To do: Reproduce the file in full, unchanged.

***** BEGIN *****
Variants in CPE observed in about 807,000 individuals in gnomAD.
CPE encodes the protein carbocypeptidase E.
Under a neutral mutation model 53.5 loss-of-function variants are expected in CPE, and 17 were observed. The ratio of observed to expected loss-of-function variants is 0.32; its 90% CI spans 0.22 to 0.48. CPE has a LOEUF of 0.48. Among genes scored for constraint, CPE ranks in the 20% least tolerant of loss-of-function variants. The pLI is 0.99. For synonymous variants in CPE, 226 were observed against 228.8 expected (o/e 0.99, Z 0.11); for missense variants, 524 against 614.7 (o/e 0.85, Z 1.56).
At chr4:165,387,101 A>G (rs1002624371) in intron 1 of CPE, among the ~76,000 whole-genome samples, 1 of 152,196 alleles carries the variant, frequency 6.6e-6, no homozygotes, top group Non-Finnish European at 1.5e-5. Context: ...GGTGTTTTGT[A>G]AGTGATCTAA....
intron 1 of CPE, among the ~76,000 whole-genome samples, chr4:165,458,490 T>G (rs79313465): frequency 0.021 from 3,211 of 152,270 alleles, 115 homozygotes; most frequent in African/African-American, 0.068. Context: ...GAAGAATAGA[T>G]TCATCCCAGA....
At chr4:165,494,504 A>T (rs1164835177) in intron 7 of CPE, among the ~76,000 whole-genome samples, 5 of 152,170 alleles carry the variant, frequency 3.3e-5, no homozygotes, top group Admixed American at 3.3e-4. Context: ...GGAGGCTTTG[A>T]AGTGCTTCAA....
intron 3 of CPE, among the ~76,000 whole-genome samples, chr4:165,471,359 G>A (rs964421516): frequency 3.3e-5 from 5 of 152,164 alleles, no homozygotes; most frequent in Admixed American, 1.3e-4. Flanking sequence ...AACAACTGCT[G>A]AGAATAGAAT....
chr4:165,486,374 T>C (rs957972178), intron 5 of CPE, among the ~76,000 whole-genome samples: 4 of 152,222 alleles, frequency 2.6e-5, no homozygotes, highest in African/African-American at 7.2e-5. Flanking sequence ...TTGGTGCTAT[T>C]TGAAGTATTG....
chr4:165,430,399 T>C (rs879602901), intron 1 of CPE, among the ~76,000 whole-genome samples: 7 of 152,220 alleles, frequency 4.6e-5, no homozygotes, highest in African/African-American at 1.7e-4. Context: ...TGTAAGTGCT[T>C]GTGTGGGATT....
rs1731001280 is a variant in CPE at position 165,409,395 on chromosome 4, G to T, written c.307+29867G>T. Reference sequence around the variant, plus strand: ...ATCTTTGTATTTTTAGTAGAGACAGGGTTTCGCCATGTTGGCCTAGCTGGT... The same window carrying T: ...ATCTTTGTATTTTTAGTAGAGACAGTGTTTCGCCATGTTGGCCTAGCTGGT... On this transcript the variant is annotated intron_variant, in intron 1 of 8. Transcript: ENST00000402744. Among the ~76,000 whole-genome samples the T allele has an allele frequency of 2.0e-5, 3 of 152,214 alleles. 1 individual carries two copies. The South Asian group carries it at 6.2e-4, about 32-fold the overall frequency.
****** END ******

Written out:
Variants in CPE observed in about 807,000 individuals in gnomAD.
CPE encodes the protein carbocypeptidase E.
Under a neutral mutation model 53.5 loss-of-function variants are expected in CPE, and 17 were observed. The ratio of observed to expected loss-of-function variants is 0.32; its 90% CI spans 0.22 to 0.48. CPE has a LOEUF of 0.48. Among genes scored for constraint, CPE ranks in the 20% least tolerant of loss-of-function variants. The pLI is 0.99. For synonymous variants in CPE, 226 were observed against 228.8 expected (o/e 0.99, Z 0.11); for missense variants, 524 against 614.7 (o/e 0.85, Z 1.56).
At chr4:165,387,101 A>G (rs1002624371) in intron 1 of CPE, among the ~76,000 whole-genome samples, 1 of 152,196 alleles carries the variant, frequency 6.6e-6, no homozygotes, top group Non-Finnish European at 1.5e-5. Context: ...GGTGTTTTGT[A>G]AGTGATCTAA....
intron 1 of CPE, among the ~76,000 whole-genome samples, chr4:165,458,490 T>G (rs79313465): frequency 0.021 from 3,211 of 152,270 alleles, 115 homozygotes; most frequent in African/African-American, 0.068. Context: ...GAAGAATAGA[T>G]TCATCCCAGA....
At chr4:165,494,504 A>T (rs1164835177) in intron 7 of CPE, among the ~76,000 whole-genome samples, 5 of 152,170 alleles carry the variant, frequency 3.3e-5, no homozygotes, top group Admixed American at 3.3e-4. Context: ...GGAGGCTTTG[A>T]AGTGCTTCAA....
intron 3 of CPE, among the ~76,000 whole-genome samples, chr4:165,471,359 G>A (rs964421516): frequency 3.3e-5 from 5 of 152,164 alleles, no homozygotes; most frequent in Admixed American, 1.3e-4. Flanking sequence ...AACAACTGCT[G>A]AGAATAGAAT....
chr4:165,486,374 T>C (rs957972178), intron 5 of CPE, among the ~76,000 whole-genome samples: 4 of 152,222 alleles, frequency 2.6e-5, no homozygotes, highest in African/African-American at 7.2e-5. Flanking sequence ...TTGGTGCTAT[T>C]TGAAGTATTG....
chr4:165,430,399 T>C (rs879602901), intron 1 of CPE, among the ~76,000 whole-genome samples: 7 of 152,220 alleles, frequency 4.6e-5, no homozygotes, highest in African/African-American at 1.7e-4. Context: ...TGTAAGTGCT[T>C]GTGTGGGATT....
rs1731001280 is a variant in CPE at position 165,409,395 on chromosome 4, G to T, written c.307+29867G>T. Reference sequence around the variant, plus strand: ...ATCTTTGTATTTTTAGTAGAGACAGGGTTTCGCCATGTTGGCCTAGCTGGT... The same window carrying T: ...ATCTTTGTATTTTTAGTAGAGACAGTGTTTCGCCATGTTGGCCTAGCTGGT... On this transcript the variant is annotated intron_variant, in intron 1 of 8. Transcript: ENST00000402744. Among the ~76,000 whole-genome samples the T allele has an allele frequency of 2.0e-5, 3 of 152,214 alleles. 1 individual carries two copies. The South Asian group carries it at 6.2e-4, about 32-fold the overall frequency.